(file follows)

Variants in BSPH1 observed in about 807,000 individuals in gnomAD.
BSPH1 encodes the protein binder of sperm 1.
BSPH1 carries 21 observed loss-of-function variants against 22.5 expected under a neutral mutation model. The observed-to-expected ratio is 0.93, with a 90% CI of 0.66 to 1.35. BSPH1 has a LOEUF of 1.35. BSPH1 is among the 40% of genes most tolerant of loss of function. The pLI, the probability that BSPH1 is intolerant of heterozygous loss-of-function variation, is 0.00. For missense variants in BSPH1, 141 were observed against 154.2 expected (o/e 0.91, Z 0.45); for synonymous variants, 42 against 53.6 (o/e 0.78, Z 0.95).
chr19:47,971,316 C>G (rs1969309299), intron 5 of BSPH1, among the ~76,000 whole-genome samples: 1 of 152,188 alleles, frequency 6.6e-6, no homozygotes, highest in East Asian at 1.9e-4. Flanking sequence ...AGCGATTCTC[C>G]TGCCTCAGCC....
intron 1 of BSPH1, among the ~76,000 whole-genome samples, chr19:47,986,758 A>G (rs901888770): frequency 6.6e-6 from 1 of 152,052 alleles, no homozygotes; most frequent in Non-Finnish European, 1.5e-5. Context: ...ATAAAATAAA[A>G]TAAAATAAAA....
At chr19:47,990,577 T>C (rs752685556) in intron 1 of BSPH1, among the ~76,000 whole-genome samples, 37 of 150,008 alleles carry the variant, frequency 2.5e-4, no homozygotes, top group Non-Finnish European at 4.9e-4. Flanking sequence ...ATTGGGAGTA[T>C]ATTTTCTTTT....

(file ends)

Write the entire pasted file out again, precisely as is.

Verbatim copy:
Variants in BSPH1 observed in about 807,000 individuals in gnomAD.
BSPH1 encodes the protein binder of sperm 1.
BSPH1 carries 21 observed loss-of-function variants against 22.5 expected under a neutral mutation model. The observed-to-expected ratio is 0.93, with a 90% CI of 0.66 to 1.35. BSPH1 has a LOEUF of 1.35. BSPH1 is among the 40% of genes most tolerant of loss of function. The pLI, the probability that BSPH1 is intolerant of heterozygous loss-of-function variation, is 0.00. For missense variants in BSPH1, 141 were observed against 154.2 expected (o/e 0.91, Z 0.45); for synonymous variants, 42 against 53.6 (o/e 0.78, Z 0.95).
chr19:47,971,316 C>G (rs1969309299), intron 5 of BSPH1, among the ~76,000 whole-genome samples: 1 of 152,188 alleles, frequency 6.6e-6, no homozygotes, highest in East Asian at 1.9e-4. Flanking sequence ...AGCGATTCTC[C>G]TGCCTCAGCC....
intron 1 of BSPH1, among the ~76,000 whole-genome samples, chr19:47,986,758 A>G (rs901888770): frequency 6.6e-6 from 1 of 152,052 alleles, no homozygotes; most frequent in Non-Finnish European, 1.5e-5. Context: ...ATAAAATAAA[A>G]TAAAATAAAA....
At chr19:47,990,577 T>C (rs752685556) in intron 1 of BSPH1, among the ~76,000 whole-genome samples, 37 of 150,008 alleles carry the variant, frequency 2.5e-4, no homozygotes, top group Non-Finnish European at 4.9e-4. Flanking sequence ...ATTGGGAGTA[T>C]ATTTTCTTTT....